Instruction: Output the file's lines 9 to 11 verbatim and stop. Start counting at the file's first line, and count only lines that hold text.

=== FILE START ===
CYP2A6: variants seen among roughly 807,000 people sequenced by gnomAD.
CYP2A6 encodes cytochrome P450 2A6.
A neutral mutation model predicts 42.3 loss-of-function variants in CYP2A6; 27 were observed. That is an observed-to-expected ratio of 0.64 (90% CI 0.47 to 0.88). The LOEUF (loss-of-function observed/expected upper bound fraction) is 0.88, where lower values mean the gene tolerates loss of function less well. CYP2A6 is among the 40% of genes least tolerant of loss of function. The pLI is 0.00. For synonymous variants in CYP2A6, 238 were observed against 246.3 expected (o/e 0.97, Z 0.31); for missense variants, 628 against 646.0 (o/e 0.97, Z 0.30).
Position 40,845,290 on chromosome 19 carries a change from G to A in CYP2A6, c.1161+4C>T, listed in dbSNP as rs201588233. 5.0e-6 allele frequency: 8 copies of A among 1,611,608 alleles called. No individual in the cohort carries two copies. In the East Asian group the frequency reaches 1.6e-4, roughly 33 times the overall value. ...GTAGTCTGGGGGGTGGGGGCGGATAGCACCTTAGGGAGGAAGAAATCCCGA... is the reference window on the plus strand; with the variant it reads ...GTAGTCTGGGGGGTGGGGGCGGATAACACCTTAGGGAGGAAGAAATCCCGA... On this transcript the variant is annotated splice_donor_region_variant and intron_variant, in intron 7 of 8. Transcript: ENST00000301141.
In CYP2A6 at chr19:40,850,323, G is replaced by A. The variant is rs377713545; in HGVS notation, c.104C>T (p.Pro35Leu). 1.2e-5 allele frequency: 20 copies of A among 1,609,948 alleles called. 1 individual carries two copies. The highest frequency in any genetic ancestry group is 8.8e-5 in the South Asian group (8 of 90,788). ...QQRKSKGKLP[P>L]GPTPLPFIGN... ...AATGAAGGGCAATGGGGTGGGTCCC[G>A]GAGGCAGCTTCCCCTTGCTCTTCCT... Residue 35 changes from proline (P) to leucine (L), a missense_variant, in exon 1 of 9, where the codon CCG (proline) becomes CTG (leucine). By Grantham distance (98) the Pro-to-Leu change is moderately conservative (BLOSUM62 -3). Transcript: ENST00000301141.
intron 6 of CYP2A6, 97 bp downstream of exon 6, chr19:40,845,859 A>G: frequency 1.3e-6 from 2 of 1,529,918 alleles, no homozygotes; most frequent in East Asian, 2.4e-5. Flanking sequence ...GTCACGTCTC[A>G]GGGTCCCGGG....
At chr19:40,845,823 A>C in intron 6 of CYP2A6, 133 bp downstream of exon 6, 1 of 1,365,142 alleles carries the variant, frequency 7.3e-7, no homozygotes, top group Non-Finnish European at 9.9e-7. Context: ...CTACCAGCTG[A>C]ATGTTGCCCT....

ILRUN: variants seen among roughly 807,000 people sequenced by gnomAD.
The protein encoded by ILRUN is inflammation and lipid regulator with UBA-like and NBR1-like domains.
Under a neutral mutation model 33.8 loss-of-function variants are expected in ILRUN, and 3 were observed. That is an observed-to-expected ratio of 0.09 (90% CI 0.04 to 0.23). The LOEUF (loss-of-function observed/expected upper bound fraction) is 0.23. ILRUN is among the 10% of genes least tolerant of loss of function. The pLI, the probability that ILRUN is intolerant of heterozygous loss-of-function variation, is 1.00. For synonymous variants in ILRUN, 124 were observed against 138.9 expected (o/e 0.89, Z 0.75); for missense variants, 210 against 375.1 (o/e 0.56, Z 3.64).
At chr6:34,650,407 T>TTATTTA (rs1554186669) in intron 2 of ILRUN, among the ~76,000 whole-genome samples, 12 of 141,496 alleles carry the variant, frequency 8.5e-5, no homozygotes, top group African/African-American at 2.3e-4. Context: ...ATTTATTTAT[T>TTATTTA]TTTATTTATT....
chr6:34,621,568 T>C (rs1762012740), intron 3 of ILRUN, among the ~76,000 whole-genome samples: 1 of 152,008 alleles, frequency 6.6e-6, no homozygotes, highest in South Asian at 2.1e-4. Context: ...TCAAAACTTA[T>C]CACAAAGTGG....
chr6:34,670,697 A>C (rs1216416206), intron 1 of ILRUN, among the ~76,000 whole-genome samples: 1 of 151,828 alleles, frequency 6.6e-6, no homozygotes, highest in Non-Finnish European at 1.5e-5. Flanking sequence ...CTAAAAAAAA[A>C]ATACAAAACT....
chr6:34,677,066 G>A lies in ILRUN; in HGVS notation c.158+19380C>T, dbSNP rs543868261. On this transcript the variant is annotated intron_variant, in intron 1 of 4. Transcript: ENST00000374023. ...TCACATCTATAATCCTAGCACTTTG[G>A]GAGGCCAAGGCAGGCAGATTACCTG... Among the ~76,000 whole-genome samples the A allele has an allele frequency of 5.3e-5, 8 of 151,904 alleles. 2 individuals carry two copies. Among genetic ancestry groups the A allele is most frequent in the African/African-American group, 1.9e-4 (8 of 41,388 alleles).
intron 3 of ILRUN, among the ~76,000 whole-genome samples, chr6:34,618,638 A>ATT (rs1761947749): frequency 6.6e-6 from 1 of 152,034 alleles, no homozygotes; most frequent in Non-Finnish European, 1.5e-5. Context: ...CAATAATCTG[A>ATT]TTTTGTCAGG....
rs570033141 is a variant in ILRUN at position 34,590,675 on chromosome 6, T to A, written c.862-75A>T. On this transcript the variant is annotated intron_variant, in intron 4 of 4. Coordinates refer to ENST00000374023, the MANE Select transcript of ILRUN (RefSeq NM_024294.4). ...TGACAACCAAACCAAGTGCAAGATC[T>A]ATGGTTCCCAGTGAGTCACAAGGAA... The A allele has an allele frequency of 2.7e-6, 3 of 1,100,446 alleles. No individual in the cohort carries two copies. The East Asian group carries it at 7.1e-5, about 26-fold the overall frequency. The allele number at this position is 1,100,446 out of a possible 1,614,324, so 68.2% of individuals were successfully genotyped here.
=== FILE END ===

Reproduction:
The protein encoded by ILRUN is inflammation and lipid regulator with UBA-like and NBR1-like domains.
Under a neutral mutation model 33.8 loss-of-function variants are expected in ILRUN, and 3 were observed. That is an observed-to-expected ratio of 0.09 (90% CI 0.04 to 0.23). The LOEUF (loss-of-function observed/expected upper bound fraction) is 0.23. ILRUN is among the 10% of genes least tolerant of loss of function. The pLI, the probability that ILRUN is intolerant of heterozygous loss-of-function variation, is 1.00. For synonymous variants in ILRUN, 124 were observed against 138.9 expected (o/e 0.89, Z 0.75); for missense variants, 210 against 375.1 (o/e 0.56, Z 3.64).
At chr6:34,650,407 T>TTATTTA (rs1554186669) in intron 2 of ILRUN, among the ~76,000 whole-genome samples, 12 of 141,496 alleles carry the variant, frequency 8.5e-5, no homozygotes, top group African/African-American at 2.3e-4. Context: ...ATTTATTTAT[T>TTATTTA]TTTATTTATT....